Retailers under siege from thieves
While the recent data breach suffered by Target in which nearly 40 million debit and credit card numbers were compromised has garnered a lot of attention, statistics also show that retailers aren’t fairing much better when it comes to losses from their physical stores. According to the 25th Annual Retail Theft Survey released by Jack L. Hayes International in June, outside shoplifting and internal employee theft numbers rose in 2012. The survey, which featured 23 of the country’s largest retail companies, found that shoplifting apprehensions increased 7.4 percent and the recovery dollars from shoplifters increased an amazing 22.7 percent. Dishonest employee apprehensions and recovery dollars also increased in 2012 - 5.5 percent and 7 percent respectively. The 2012-2013 Global Retail Theft Barometer, which was published just last month, found that losses from shrink, which include shoplifting, employee fraud, organized retail crime (ORC), and administrative errors, cost retailers more than $112 billion last year, representing 1.4 percent of retail sales on average.
Washington Navy Yard shooting
Twelve people were killed and three others were injured in September when Navy reservist Aaron Alexis walked into the Washington Navy Yard an opened fire with a shotgun. The deadly shooting has raised numerous questions about the background screening process for government contractors who have authorized access to secure facilities as Alexis did at the Navy Yard. Alexis had a well-documented history of mental health issues and criminal conduct. A sister of one of the victims recently filed a lawsuit against the Navy, the Department of Veterans Affairs and two defense contractors seeking $37.5 million in damages.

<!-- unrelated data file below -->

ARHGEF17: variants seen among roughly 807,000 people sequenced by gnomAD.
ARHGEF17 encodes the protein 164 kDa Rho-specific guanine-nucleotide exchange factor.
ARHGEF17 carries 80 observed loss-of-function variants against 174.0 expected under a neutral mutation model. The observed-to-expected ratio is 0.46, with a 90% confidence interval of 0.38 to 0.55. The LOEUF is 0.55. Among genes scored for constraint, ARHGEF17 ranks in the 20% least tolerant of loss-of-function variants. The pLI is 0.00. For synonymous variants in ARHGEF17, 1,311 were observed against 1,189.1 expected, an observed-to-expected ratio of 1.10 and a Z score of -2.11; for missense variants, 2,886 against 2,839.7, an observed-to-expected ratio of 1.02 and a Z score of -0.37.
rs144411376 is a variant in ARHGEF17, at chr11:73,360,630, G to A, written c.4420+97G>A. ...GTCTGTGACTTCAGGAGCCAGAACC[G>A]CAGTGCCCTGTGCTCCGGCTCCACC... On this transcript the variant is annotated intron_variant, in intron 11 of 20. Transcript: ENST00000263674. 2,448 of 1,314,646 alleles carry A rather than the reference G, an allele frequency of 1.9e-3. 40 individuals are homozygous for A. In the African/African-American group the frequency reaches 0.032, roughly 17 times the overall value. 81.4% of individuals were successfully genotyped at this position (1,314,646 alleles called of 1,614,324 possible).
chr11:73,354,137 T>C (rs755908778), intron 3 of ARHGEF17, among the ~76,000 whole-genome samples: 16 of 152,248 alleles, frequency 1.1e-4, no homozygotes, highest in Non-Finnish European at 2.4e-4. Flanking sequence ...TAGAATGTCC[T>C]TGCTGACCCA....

Obamacare’s impact on security
Although the full effects of the Affordable Care Act have yet to be fully realized as it pertains to security, there are a myriad of concerns within both the cyber and healthcare security community about the devastating impact the legislation could have on their constituents. Cybersecurity experts started sounding the alarm bells when the new online health insurance marketplace, HealthCare.gov, first went online in October. While the website was maligned for its well-publicized glitches, many IT security experts expressed concerns about how hackers might exploit the situation by launching spear-phishing campaigns.
“Now you’re looking at those health exchanges that allow the bad guys to go for a highly-targeted spear phishing attack that you could essentially automate if you’re looking at large-scale organization,” said Stu Sjouwerman, founder and CEO of IT security awareness training firm KnowBe4. “With their own data mining tools, they can now create a profile of an employee at let’s say, for example, Home Depot. You do a little bit of research on what health insurer Home Depot has, now you can create a highly-targeted spear phishing attack to a few key, often C-level employees, but not necessarily always. You can get in through the mail room as well.”
Industry experts say that provisions within the law will impact physical security at hospitals as well. According to Ben Scaglione, director of healthcare security services for G4S and a member at large on the board of the International Association for Healthcare Security and Safety (IAHSS), hospitals are being forced to make tough spending decisions regarding support services which include security.
“What healthcare is starting to see right now is a loss in Medicare and Medicaid funding. What Obamacare has setup is that hospitals get a basic set of reimbursement or a basic number of dollars and then to get more of those dollars, it is based on (the hospital’s) clinical data and patient satisfaction data. They have to meet certain national guidelines that are going to be changing over the next couple of years in order to get that higher level of reimbursement,” Scaglione explained.
AT&T continues aggressive market roll out